Question 15

Created on Thu, 12/17/2015 - 08:14
Last updated on Mon, 07/18/2016 - 19:16
Pass rate: 62%
Highest mark: 7.3

Other SAQs in this paper

Other SAQs on this topic

a)    Describe the ultrasound features that help differentiate the internal jugular vein and the carotid artery?    (70% marks)

b)    List the complications of central line insertion.    (30% marks)

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College Answer

a)

The IJ vein:

Has an elliptical shape Is larger

More collapsible with modest external surface pressure than the carotid artery (CA), which has rounder shape, thicker wall, and smaller diameter

A Valsalva manoeuvre will further augment their diameter

The IJ vein diameter varies depending on the position and fluid status of the patient and is particularly useful in hypovolemic patients.

Adding Doppler, if available, can further distinguish whether the vessel is a vein or an artery. Colour flow Doppler demonstrates pulsatile blood flow in an artery in either SAX or LAX orientation.

A lower Nyquist scale is typically required to image lower velocity venous blood flows. At these reduced settings, venous blood flow is uniform in colour and present during systole and diastole with laminar flow, whereas arterial blood flow will alias and be detected predominantly during systole (Figure 5) in patients with unidirectional arterial flow (absence of aortic regurgitation).

A small pulsed-wave Doppler sample volume within the vessel lumen displays a characteristic

Veins are thin walled and compressible and may have respiratory-related changes in diameter. In contrast, arteries are thicker walled, not readily compressed by external pressure applied with the ultrasound probe and pulsatile during normal cardiac physiologic conditions.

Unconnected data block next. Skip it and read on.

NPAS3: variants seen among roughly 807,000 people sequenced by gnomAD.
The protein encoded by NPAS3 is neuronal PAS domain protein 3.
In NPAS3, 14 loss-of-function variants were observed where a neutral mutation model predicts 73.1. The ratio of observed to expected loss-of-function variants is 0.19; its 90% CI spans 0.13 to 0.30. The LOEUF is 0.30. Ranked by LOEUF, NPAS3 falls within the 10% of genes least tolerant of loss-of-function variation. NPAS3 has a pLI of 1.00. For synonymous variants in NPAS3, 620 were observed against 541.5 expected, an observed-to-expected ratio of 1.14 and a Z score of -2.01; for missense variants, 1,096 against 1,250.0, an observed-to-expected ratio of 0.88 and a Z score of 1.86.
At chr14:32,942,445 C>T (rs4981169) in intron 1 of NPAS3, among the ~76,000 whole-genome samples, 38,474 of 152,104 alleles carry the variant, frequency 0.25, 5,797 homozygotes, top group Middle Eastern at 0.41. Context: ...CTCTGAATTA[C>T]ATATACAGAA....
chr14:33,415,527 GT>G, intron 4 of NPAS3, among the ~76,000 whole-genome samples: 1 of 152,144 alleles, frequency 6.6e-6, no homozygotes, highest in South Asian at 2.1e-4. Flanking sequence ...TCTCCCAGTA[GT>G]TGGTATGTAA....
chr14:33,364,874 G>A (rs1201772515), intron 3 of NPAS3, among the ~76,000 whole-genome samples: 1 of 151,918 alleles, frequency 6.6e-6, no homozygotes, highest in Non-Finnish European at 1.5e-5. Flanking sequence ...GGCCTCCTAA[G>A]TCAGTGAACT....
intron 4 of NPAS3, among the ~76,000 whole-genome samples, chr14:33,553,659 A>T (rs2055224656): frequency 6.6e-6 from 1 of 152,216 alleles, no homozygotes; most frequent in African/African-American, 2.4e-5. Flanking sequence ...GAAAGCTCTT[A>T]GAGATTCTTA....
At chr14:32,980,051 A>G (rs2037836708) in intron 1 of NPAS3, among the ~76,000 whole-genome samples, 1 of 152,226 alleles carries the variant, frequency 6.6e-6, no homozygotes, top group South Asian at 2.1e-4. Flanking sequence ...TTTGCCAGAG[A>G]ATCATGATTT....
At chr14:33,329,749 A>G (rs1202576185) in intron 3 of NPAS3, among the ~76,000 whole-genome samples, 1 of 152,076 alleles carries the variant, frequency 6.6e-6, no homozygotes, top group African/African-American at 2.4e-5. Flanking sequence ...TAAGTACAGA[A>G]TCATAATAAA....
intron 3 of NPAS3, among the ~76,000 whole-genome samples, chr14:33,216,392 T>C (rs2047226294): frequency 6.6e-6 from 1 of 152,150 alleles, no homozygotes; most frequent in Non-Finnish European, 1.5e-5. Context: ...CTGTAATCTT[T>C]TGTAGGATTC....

b)

Pneumothorax Air embolus

Haematoma Haemorrhage Thrombosis Stenosis

Arterial puncture / catheterisation Incorrect catheter tip position

Central vein perforation Tamponade

Cardiac arrhythmia

Embolised, fractured or irretrievable guide wires Infection

Discussion

From the central venous cannulation chapter, the complications of CVC insertion are as follows:

  • Immediate
    • Failure of procedure
    • Pneumothorax
    • Haemothorax
    • Retroperitoneal haematoma
    • Arterial puncture
    • Local haematoma
    • Guidewire-induced arrhythmia
    • Thoracic duct injury
    • Guide wire embolism
    • Air embolism
  • Early
    • catheter blockage
    • chylothorax
    • catheter knots
  • Late
    • Infection : 2.5 infections/ 1000 catheter days
    • catheter fracture
    • vascular erosion
    • vessel stenosis
    • thrombosis
    • osteomyelitis of clavicle (subclavian access)

This is the first time the college have asked about the ultrasound features which help us distinguish between different neck vessels. For most of us, the two are fairly easy to tell apart, but... if one were asked to articulate exactly how they differ, one might come to trouble. "Squishy" and "roundly pulsatey" are probably inappropriately loose terms to use in this context. Instead, please find the table below:

Ultrasonographic features
of the Internal Jugular Vein and the Carotid Artery
Features Internal Jugular Vein Carotid Artery
Shape Elliptical Circular
Size Larger Smaller
Wall thickness Thin Thick
Pulsatility Occasionally, might pulsate (eg. in severe TR) Always (should be ) pulsatile
Compressibility Compressible Non-compressible
Response to Valsalva Increases in diameter Remains unchanged with Valsalva
Colour Dopper May demonstrate pulsatile blood flow Should demonstrate pulsatile blood flow
Flow direction Flow should be laminar and present during both systole and diastole Flow should be laminar and present only during systole
Nyquist scale Low scale required (i.e. low velocity flow) High scale required (or, aliasing occurs)
     

References

Williams, William M. Vascular ultrasound of the neck: an interpretive atlas. Lippincott Williams & Wilkins, 2001.